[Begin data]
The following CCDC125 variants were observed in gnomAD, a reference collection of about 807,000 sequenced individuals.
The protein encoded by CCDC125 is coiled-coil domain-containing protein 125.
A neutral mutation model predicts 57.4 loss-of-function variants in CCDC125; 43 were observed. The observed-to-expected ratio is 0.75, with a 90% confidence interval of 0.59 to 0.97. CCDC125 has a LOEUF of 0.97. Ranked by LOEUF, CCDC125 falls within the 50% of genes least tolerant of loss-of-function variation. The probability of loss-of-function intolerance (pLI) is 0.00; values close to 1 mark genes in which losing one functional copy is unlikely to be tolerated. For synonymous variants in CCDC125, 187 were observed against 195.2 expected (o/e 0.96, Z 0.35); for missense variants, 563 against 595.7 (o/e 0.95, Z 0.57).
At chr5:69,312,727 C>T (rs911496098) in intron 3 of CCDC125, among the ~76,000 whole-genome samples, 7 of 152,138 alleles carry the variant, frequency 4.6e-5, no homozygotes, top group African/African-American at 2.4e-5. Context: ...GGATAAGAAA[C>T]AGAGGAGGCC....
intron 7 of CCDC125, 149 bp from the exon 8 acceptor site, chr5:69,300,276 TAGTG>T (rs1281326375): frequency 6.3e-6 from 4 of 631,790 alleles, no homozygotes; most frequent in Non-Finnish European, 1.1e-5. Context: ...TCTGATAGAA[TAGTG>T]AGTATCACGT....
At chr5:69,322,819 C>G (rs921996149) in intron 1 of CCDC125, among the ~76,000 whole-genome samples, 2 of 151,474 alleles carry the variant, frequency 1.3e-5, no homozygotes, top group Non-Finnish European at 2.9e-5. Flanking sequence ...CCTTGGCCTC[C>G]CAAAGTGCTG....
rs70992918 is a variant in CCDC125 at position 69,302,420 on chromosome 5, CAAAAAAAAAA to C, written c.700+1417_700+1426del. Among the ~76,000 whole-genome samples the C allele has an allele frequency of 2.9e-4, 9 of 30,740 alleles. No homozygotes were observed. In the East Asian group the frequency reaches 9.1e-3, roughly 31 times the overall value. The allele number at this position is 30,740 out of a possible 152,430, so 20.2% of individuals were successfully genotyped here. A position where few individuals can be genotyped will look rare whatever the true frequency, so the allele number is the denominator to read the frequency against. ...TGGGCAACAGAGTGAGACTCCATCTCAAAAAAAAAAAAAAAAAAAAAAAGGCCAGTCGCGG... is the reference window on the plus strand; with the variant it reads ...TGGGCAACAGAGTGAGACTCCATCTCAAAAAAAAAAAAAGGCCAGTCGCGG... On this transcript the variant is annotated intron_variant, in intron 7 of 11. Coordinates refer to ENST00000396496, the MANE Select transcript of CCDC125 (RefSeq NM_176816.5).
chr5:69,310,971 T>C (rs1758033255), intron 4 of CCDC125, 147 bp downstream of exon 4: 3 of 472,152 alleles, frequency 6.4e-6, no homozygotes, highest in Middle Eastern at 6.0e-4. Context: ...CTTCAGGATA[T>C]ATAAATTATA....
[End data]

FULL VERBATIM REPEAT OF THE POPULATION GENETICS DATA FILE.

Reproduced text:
The following CCDC125 variants were observed in gnomAD, a reference collection of about 807,000 sequenced individuals.
The protein encoded by CCDC125 is coiled-coil domain-containing protein 125.
A neutral mutation model predicts 57.4 loss-of-function variants in CCDC125; 43 were observed. The observed-to-expected ratio is 0.75, with a 90% confidence interval of 0.59 to 0.97. CCDC125 has a LOEUF of 0.97. Ranked by LOEUF, CCDC125 falls within the 50% of genes least tolerant of loss-of-function variation. The probability of loss-of-function intolerance (pLI) is 0.00; values close to 1 mark genes in which losing one functional copy is unlikely to be tolerated. For synonymous variants in CCDC125, 187 were observed against 195.2 expected (o/e 0.96, Z 0.35); for missense variants, 563 against 595.7 (o/e 0.95, Z 0.57).
At chr5:69,312,727 C>T (rs911496098) in intron 3 of CCDC125, among the ~76,000 whole-genome samples, 7 of 152,138 alleles carry the variant, frequency 4.6e-5, no homozygotes, top group African/African-American at 2.4e-5. Context: ...GGATAAGAAA[C>T]AGAGGAGGCC....
intron 7 of CCDC125, 149 bp from the exon 8 acceptor site, chr5:69,300,276 TAGTG>T (rs1281326375): frequency 6.3e-6 from 4 of 631,790 alleles, no homozygotes; most frequent in Non-Finnish European, 1.1e-5. Context: ...TCTGATAGAA[TAGTG>T]AGTATCACGT....
At chr5:69,322,819 C>G (rs921996149) in intron 1 of CCDC125, among the ~76,000 whole-genome samples, 2 of 151,474 alleles carry the variant, frequency 1.3e-5, no homozygotes, top group Non-Finnish European at 2.9e-5. Flanking sequence ...CCTTGGCCTC[C>G]CAAAGTGCTG....
rs70992918 is a variant in CCDC125 at position 69,302,420 on chromosome 5, CAAAAAAAAAA to C, written c.700+1417_700+1426del. Among the ~76,000 whole-genome samples the C allele has an allele frequency of 2.9e-4, 9 of 30,740 alleles. No homozygotes were observed. In the East Asian group the frequency reaches 9.1e-3, roughly 31 times the overall value. The allele number at this position is 30,740 out of a possible 152,430, so 20.2% of individuals were successfully genotyped here. A position where few individuals can be genotyped will look rare whatever the true frequency, so the allele number is the denominator to read the frequency against. ...TGGGCAACAGAGTGAGACTCCATCTCAAAAAAAAAAAAAAAAAAAAAAAGGCCAGTCGCGG... is the reference window on the plus strand; with the variant it reads ...TGGGCAACAGAGTGAGACTCCATCTCAAAAAAAAAAAAAGGCCAGTCGCGG... On this transcript the variant is annotated intron_variant, in intron 7 of 11. Coordinates refer to ENST00000396496, the MANE Select transcript of CCDC125 (RefSeq NM_176816.5).
chr5:69,310,971 T>C (rs1758033255), intron 4 of CCDC125, 147 bp downstream of exon 4: 3 of 472,152 alleles, frequency 6.4e-6, no homozygotes, highest in Middle Eastern at 6.0e-4. Context: ...CTTCAGGATA[T>C]ATAAATTATA....